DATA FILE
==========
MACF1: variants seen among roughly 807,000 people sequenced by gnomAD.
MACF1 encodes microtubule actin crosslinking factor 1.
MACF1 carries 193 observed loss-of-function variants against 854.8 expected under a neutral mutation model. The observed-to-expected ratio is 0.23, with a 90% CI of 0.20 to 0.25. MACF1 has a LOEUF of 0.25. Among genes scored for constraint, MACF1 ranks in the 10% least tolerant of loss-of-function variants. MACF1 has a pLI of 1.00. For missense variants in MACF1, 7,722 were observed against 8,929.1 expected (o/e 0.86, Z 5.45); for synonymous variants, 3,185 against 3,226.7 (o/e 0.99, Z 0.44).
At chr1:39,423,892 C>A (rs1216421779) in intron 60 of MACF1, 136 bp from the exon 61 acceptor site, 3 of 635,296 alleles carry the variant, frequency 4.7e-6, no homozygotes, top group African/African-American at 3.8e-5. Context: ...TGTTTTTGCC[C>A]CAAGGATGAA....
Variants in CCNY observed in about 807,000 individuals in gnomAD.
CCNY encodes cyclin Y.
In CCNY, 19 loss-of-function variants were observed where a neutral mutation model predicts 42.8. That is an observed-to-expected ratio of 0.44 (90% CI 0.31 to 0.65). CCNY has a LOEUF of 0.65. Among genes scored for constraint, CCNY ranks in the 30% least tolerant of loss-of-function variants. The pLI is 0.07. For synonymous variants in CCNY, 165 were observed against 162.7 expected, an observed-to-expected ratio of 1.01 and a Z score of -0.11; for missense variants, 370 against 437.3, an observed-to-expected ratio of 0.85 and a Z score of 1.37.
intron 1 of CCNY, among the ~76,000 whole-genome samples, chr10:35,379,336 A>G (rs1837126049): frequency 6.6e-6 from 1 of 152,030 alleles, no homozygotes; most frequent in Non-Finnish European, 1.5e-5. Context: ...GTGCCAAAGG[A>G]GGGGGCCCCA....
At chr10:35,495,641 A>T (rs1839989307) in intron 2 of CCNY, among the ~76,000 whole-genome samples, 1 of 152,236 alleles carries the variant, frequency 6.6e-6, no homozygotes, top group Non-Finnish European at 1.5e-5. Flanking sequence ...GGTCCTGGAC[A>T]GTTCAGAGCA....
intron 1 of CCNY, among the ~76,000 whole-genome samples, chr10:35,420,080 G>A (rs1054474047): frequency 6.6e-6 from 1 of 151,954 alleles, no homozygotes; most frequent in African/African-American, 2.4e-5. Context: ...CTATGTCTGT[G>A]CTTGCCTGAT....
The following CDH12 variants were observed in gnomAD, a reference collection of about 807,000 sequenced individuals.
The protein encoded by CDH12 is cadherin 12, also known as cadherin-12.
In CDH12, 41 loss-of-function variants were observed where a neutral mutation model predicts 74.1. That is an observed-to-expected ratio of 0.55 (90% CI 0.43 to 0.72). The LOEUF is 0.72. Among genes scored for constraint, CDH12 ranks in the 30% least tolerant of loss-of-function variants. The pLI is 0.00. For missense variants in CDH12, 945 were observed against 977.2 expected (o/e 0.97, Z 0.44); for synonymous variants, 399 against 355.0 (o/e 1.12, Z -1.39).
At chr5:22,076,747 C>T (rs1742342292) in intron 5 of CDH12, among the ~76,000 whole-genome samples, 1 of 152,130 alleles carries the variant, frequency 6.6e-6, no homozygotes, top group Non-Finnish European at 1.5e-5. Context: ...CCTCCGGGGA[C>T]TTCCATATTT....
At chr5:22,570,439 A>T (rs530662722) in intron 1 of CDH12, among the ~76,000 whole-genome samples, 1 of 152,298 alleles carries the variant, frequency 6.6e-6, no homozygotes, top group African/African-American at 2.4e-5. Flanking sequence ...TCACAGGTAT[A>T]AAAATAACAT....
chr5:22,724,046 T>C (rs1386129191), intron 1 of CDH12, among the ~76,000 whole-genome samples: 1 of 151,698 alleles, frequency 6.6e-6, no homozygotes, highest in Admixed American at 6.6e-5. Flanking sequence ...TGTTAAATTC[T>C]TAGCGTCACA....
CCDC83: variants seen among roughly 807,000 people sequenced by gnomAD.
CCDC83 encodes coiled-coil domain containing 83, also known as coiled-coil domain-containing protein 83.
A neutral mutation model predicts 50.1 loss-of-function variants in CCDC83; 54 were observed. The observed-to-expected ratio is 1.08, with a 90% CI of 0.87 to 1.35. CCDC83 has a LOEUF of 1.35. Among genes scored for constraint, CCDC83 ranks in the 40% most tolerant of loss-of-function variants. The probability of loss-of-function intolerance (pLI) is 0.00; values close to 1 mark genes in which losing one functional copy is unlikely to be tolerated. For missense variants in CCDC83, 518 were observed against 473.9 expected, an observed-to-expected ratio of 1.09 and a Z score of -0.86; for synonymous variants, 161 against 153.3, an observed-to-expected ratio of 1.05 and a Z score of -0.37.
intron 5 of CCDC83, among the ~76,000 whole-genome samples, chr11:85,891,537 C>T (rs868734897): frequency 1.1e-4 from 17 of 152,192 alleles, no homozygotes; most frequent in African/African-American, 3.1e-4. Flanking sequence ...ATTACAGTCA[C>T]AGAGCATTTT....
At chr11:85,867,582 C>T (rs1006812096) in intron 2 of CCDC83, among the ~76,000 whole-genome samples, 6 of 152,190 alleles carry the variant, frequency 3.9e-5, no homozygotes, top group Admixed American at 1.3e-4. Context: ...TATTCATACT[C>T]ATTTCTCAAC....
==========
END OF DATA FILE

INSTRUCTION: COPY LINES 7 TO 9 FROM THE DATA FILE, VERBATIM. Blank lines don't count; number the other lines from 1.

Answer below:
In CCNY, 19 loss-of-function variants were observed where a neutral mutation model predicts 42.8. That is an observed-to-expected ratio of 0.44 (90% CI 0.31 to 0.65). CCNY has a LOEUF of 0.65. Among genes scored for constraint, CCNY ranks in the 30% least tolerant of loss-of-function variants. The pLI is 0.07. For synonymous variants in CCNY, 165 were observed against 162.7 expected, an observed-to-expected ratio of 1.01 and a Z score of -0.11; for missense variants, 370 against 437.3, an observed-to-expected ratio of 0.85 and a Z score of 1.37.
intron 1 of CCNY, among the ~76,000 whole-genome samples, chr10:35,379,336 A>G (rs1837126049): frequency 6.6e-6 from 1 of 152,030 alleles, no homozygotes; most frequent in Non-Finnish European, 1.5e-5. Context: ...GTGCCAAAGG[A>G]GGGGGCCCCA....
At chr10:35,495,641 A>T (rs1839989307) in intron 2 of CCNY, among the ~76,000 whole-genome samples, 1 of 152,236 alleles carries the variant, frequency 6.6e-6, no homozygotes, top group Non-Finnish European at 1.5e-5. Flanking sequence ...GGTCCTGGAC[A>T]GTTCAGAGCA....